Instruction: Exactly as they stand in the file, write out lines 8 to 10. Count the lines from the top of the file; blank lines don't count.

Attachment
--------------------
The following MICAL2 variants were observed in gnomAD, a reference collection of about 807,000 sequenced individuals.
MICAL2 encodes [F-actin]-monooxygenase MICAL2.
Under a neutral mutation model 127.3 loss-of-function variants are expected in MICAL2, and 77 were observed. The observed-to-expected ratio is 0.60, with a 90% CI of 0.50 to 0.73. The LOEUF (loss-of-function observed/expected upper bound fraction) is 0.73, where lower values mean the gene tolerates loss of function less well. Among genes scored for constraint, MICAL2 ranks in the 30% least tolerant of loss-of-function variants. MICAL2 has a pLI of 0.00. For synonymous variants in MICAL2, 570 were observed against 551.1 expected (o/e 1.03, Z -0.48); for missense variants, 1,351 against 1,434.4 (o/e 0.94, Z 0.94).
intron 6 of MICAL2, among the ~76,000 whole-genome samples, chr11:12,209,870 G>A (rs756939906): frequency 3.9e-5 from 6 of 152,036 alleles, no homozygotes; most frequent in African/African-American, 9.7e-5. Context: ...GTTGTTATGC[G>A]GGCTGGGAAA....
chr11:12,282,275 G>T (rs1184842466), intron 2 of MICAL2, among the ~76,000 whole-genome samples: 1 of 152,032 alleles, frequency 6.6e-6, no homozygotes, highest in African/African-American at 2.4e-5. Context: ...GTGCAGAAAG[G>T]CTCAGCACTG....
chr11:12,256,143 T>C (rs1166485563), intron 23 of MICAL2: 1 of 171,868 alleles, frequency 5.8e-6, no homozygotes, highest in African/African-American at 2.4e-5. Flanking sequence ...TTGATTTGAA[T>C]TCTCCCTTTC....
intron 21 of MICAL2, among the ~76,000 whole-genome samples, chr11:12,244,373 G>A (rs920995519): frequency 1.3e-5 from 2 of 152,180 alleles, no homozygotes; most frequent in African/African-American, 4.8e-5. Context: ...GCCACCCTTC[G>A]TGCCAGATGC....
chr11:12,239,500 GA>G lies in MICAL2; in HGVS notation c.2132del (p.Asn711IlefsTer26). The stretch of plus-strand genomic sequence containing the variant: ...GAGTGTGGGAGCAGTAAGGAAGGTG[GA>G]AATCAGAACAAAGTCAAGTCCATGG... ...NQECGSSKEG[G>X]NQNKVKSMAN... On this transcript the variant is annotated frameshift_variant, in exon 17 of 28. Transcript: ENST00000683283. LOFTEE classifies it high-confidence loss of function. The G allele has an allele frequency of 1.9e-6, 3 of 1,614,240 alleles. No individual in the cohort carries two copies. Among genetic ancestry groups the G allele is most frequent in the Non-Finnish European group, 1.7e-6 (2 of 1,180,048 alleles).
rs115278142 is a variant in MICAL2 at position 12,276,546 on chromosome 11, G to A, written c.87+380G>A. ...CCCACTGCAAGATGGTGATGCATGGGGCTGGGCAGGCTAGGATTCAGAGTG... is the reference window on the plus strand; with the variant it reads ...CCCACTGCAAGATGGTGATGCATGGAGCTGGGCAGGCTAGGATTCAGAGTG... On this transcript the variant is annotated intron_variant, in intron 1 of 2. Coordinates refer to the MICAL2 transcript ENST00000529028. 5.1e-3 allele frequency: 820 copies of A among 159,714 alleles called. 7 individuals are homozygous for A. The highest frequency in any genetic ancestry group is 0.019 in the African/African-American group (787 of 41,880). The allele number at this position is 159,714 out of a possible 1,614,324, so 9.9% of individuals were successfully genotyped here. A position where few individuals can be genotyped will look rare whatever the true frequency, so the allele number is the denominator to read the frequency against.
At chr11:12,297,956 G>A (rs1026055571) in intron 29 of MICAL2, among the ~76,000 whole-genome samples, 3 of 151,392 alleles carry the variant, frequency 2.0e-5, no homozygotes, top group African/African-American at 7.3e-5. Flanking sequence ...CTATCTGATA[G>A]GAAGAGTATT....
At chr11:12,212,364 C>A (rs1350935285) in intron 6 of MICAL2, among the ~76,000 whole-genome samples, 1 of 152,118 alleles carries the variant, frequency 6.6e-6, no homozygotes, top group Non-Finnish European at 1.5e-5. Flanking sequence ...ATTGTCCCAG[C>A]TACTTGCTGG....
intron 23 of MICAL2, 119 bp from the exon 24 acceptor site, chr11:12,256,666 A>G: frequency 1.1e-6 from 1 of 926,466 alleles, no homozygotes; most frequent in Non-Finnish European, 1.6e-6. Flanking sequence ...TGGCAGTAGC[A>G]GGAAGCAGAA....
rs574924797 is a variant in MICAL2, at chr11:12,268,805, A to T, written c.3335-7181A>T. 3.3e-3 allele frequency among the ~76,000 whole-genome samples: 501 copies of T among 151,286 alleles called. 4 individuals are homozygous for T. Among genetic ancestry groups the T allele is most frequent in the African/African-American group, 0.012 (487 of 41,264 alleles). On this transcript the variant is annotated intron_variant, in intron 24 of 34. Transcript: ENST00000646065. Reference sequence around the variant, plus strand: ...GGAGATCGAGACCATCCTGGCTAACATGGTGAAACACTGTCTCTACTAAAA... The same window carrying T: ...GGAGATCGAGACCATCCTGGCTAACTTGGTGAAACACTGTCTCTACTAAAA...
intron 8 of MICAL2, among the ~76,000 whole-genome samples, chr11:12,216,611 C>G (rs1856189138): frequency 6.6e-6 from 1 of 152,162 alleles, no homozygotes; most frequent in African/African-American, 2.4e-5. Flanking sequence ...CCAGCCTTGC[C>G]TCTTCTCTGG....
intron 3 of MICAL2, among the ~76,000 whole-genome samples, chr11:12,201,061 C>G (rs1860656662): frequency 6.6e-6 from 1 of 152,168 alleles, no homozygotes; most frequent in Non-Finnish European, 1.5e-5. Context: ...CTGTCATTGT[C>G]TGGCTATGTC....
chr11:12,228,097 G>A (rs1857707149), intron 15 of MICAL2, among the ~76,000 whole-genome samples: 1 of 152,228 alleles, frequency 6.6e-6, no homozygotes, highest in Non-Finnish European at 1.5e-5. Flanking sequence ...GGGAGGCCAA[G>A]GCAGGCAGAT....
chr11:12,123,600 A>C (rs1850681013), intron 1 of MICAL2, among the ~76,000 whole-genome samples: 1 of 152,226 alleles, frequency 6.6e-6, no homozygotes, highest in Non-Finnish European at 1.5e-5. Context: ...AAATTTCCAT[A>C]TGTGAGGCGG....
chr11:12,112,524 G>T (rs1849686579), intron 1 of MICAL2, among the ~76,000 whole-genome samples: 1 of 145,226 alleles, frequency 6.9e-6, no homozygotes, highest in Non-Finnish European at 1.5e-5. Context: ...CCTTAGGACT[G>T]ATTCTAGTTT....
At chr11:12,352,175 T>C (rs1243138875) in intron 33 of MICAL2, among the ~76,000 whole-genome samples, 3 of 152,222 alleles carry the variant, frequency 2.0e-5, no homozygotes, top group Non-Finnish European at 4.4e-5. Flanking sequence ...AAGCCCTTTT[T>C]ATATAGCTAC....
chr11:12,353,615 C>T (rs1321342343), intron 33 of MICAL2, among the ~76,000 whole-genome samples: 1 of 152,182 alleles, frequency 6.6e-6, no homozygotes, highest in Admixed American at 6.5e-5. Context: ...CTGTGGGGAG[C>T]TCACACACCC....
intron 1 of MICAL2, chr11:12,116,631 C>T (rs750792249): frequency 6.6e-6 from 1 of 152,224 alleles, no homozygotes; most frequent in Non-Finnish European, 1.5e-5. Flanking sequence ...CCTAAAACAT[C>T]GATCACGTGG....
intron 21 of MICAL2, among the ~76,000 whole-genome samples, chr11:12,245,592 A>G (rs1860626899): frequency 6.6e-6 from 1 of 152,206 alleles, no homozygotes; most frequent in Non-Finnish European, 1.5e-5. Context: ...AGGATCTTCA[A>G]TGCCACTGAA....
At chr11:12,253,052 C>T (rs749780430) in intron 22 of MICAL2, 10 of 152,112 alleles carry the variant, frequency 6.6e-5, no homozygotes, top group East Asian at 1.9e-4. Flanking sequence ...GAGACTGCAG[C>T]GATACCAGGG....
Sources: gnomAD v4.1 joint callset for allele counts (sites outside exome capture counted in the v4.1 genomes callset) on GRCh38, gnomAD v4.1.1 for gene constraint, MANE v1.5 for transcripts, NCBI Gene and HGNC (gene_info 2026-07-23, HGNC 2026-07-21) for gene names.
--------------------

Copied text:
chr11:12,239,500 GA>G lies in MICAL2; in HGVS notation c.2132del (p.Asn711IlefsTer26). The stretch of plus-strand genomic sequence containing the variant: ...GAGTGTGGGAGCAGTAAGGAAGGTG[GA>G]AATCAGAACAAAGTCAAGTCCATGG... ...NQECGSSKEG[G>X]NQNKVKSMAN... On this transcript the variant is annotated frameshift_variant, in exon 17 of 28. Transcript: ENST00000683283. LOFTEE classifies it high-confidence loss of function. The G allele has an allele frequency of 1.9e-6, 3 of 1,614,240 alleles. No individual in the cohort carries two copies. Among genetic ancestry groups the G allele is most frequent in the Non-Finnish European group, 1.7e-6 (2 of 1,180,048 alleles).
rs115278142 is a variant in MICAL2 at position 12,276,546 on chromosome 11, G to A, written c.87+380G>A. ...CCCACTGCAAGATGGTGATGCATGGGGCTGGGCAGGCTAGGATTCAGAGTG... is the reference window on the plus strand; with the variant it reads ...CCCACTGCAAGATGGTGATGCATGGAGCTGGGCAGGCTAGGATTCAGAGTG... On this transcript the variant is annotated intron_variant, in intron 1 of 2. Coordinates refer to the MICAL2 transcript ENST00000529028. 5.1e-3 allele frequency: 820 copies of A among 159,714 alleles called. 7 individuals are homozygous for A. The highest frequency in any genetic ancestry group is 0.019 in the African/African-American group (787 of 41,880). The allele number at this position is 159,714 out of a possible 1,614,324, so 9.9% of individuals were successfully genotyped here. A position where few individuals can be genotyped will look rare whatever the true frequency, so the allele number is the denominator to read the frequency against.
At chr11:12,297,956 G>A (rs1026055571) in intron 29 of MICAL2, among the ~76,000 whole-genome samples, 3 of 151,392 alleles carry the variant, frequency 2.0e-5, no homozygotes, top group African/African-American at 7.3e-5. Flanking sequence ...CTATCTGATA[G>A]GAAGAGTATT....